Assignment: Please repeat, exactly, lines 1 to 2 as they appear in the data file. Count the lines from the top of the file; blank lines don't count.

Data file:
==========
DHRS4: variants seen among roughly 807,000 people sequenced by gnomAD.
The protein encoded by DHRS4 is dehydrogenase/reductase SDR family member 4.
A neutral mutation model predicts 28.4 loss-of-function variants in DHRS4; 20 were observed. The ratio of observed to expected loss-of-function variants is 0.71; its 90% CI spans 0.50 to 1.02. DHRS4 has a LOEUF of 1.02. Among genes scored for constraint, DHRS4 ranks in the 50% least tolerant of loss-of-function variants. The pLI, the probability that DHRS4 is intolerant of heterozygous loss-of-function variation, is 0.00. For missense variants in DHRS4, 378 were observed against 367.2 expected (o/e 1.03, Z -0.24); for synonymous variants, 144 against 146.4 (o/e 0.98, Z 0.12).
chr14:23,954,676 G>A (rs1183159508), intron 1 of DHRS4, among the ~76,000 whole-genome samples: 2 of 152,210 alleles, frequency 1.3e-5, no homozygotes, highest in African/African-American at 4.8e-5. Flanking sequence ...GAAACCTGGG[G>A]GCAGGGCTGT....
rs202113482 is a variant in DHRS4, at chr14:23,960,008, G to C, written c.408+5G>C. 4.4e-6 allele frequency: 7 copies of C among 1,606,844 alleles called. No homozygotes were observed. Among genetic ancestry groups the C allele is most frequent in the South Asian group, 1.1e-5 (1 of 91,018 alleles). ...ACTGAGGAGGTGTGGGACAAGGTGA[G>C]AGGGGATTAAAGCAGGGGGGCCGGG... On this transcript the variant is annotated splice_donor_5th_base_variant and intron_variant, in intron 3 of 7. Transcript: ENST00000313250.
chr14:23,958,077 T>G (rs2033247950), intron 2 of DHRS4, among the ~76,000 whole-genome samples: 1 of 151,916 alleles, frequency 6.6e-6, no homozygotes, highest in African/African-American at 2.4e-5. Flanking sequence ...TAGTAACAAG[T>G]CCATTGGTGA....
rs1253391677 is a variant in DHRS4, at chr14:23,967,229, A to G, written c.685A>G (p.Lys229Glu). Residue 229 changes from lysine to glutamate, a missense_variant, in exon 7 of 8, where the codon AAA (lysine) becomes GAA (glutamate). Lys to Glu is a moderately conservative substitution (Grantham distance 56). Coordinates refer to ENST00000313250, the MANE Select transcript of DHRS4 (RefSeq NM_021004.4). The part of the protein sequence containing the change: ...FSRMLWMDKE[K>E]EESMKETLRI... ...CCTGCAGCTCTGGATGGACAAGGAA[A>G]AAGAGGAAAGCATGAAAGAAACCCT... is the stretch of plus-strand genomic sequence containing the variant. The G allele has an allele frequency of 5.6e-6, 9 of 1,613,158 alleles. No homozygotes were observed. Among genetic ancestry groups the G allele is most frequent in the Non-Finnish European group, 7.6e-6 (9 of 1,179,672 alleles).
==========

DHRS4: variants seen among roughly 807,000 people sequenced by gnomAD.
The protein encoded by DHRS4 is dehydrogenase/reductase SDR family member 4.